ProjectBlog: Artificial Intelligence driven portfolio management: a view of the landscape

Blog: Artificial Intelligence driven portfolio management: a view of the landscape

Recent times have seen an exponential increase in application of artificial intelligence & machine learning to the finance domain. This post is academically lighter than the previous ones and is meant to offer a high-level overview of the state of the art in artificial intelligence research that may have a potential impact on financial domains, such as trading and portfolio management. The key takeaway should be a list of issues specific to AI applications, with possible solutions coming from the machine learning research community. Most of the references are not in the financial domain, but we will describe use cases specific to our work. In particular, this post will be based on recent publications, with particular attention to the most recent AI conferences (NeurIPS-18 and AAAI-19) we participated in. In this regard, readers may refer to our workshop papers [1] and [2].

At Neuri, we conduct and implement cutting-edge research on machine learning to create a real advantage in financial investment. In this post, we will focus on relevant topics like deep reinforcement learning (RL), continual learning, data augmentation, and model interpretability. The objective of this post is not to advertise our services, as we are applying this research to proprietary investments, but rather to contribute to the AI advancements in the financial domain. This is also not an exhaustive list of topics that are relevant for financial applications. The area is too vast to be covered within a single blog post, the intention here is to highlight some key areas.

Deep Reinforcement Learning

Reinforcement learning consists of an agent interacting with the environment, in order to learn an optimal policy by trial and error for sequential decision-making problems. Dynamic portfolio optimization remains one of the most challenging problems in the field of finance. It is a sequential decision-making process of continuously reallocating funds into a number of different financial investment products, with the objective to maximize return while constraining risk. Classical approaches to this problem include dynamic programming and convex optimization, which require discrete actions and thus suffer from the “curse of dimensionality”. There have been efforts made to apply RL techniques to alleviate the dimensionality issue in the portfolio optimization problem. The main idea is to train an RL agent that is rewarded if its investment decisions increase the logarithmic rate of return and is penalized otherwise.

A typical deep RL architecture (image source)

In our recent work [3], we proposed a novel model-based RL agent that incorporates the stock prediction and experts’ demonstration. Using historical real financial market data, we simulated trading with practical constraints and demonstrated that our proposed model is robust, profitable and risk-sensitive, as compared to baseline trading strategies and model-free RL agents from prior work. This framework works on both on-policy and off-policy settings and could be easily extended using some recent work on model-based RL (e.g., [4], [5] and [6]).

Multi-agent and Imperfect Information Games

Related to this area of research, at AAAI-19, we found multi-agent and imperfect information games particularly insightful, given our view of markets as a set of heterogeneous agents competing in an environment with partially observable states. A problem with multi-agent settings in finance is the growing non-stationarity with an increase in the number of agents, even though we can cluster agents in macro groups (e.g. speculators, hedgers vs arbitrageurs, or long agents vs short sell agents). We are seeing considerable progress in dealing with non-stationary environments in deep RL for multi-agent systems, for instance in [7] and [8].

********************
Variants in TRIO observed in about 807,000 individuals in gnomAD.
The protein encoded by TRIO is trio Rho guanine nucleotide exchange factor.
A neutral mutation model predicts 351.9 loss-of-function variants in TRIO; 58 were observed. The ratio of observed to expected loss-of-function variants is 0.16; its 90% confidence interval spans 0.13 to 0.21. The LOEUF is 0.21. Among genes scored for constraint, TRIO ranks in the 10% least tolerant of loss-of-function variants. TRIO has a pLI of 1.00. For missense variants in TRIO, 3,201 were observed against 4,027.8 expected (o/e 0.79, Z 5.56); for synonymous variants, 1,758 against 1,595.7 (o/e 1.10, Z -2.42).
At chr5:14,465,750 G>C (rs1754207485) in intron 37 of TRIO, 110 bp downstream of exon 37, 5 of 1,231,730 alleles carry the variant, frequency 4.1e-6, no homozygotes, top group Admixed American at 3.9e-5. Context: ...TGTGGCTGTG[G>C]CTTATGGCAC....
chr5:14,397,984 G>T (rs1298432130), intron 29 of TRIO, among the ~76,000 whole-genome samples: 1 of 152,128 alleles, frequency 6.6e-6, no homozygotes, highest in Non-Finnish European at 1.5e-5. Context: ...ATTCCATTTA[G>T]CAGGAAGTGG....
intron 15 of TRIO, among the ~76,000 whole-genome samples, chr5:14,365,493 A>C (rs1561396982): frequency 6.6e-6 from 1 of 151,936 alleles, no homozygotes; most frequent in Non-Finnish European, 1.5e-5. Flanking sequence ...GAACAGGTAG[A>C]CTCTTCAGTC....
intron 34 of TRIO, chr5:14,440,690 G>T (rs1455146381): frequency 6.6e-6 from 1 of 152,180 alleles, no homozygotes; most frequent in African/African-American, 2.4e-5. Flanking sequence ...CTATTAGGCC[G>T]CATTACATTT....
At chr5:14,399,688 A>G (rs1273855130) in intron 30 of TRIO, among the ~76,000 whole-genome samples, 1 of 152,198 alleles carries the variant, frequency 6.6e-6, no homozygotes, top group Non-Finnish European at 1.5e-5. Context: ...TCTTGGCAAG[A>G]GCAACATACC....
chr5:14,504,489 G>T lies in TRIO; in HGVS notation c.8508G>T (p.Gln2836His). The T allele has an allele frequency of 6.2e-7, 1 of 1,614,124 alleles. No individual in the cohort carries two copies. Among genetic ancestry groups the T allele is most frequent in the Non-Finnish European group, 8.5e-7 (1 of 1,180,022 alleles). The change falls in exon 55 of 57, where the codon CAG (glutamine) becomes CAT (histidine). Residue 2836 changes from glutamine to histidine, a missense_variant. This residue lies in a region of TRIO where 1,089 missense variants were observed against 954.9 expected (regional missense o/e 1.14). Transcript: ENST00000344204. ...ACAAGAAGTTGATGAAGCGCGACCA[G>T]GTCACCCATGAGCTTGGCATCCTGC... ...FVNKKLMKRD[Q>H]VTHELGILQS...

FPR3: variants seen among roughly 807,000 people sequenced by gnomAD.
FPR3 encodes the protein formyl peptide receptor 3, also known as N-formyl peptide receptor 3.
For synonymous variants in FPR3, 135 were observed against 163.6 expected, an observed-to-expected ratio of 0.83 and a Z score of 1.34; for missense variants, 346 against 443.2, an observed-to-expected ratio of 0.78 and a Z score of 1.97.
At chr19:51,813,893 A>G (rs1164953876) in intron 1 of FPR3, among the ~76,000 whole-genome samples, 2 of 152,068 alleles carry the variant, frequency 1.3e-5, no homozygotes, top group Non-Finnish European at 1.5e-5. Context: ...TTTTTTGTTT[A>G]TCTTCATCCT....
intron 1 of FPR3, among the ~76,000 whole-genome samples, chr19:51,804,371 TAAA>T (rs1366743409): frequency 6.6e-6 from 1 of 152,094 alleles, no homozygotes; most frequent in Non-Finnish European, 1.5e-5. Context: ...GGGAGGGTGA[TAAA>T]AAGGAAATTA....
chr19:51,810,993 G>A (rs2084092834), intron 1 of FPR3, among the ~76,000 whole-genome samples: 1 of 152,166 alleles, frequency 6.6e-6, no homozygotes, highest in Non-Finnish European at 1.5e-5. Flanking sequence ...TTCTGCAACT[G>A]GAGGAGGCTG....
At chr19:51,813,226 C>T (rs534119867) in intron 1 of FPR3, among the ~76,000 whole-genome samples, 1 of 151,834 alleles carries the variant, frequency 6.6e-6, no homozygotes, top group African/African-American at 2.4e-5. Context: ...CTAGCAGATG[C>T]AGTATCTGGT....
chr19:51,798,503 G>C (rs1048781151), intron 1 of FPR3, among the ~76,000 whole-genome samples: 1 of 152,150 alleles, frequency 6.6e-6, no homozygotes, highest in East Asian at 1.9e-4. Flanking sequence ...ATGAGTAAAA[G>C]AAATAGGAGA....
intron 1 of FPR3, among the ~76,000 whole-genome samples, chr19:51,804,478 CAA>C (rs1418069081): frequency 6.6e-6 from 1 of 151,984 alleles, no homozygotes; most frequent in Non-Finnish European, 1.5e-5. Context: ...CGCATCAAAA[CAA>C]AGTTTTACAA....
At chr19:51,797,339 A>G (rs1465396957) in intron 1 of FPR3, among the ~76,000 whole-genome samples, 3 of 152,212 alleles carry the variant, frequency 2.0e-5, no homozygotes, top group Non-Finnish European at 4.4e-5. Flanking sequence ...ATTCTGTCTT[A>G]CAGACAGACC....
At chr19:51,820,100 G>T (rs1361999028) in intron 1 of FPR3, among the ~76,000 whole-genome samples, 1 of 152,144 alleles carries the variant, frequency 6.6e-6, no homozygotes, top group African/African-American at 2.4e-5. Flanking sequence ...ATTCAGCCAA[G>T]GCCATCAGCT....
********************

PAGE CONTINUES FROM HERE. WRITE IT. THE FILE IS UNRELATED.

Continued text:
The multi-agent particle-world environments considered in [7]

A related research area is hierarchical RL (HRL), where the objective is to identify reusable skills and learn how to combine them. However, there are several issues as well, such as reward scale differences or reward incompatibility between different tasks. We find some insightful ideas and a good literature review from an MIT/IBM paper at AAAI-19 on knowledge transfer in multi-agent systems [9]. A possible application of this scheme is in the trading environment, where we could have a “manager and worker” framework between a macro (higher level) agent controlling worker agents that could represent different asset classes. In this setting, the manager would make the strategic allocations while the workers would tactically re-allocate between assets in the same sub-groups.

Another important issue is in the incompatibility of reward scales in additive reward schemes, and on this topic we liked a Georgia Tech poster on composable RL [10]. Their proposal is to deal with the “curse of dimensionality” in RL by splitting problems in smaller modules (thus reducing the size of the state space). We also need to remark that the concept of imperfect information games in finance is hard, in general, as it requires a considerable number of adversaries/agents. We quote from [11] that

As described for example in (Bewersdorff 2005, Chapter 43) for a Poker-like game, coalitions between players are possible in 3-player games, so it is difficult to even define “optimal play”.

Future research could be done, especially in the field of finance, to abstract or simplify (e.g. separation of flows in hedgers/speculators/retail as three players). One way is to look into counterfactual regret minimization (CFR), which is a family of iterative algorithms that are the most popular and, in practice, fastest approach to approximately solving large imperfect information games. It iteratively traverses the game tree in order to converge to a Nash equilibrium. In order to deal with extremely large games, CFR typically uses domain-specific heuristics to simplify the target game in a process known as abstraction. This simplified game is solved with tabular CFR, and its solution is mapped back to the full game. (interested readers may refer to [12] and [13], and AAAI-19 invited talk by Tuomas Sandholm about new results for solving imperfect-information games).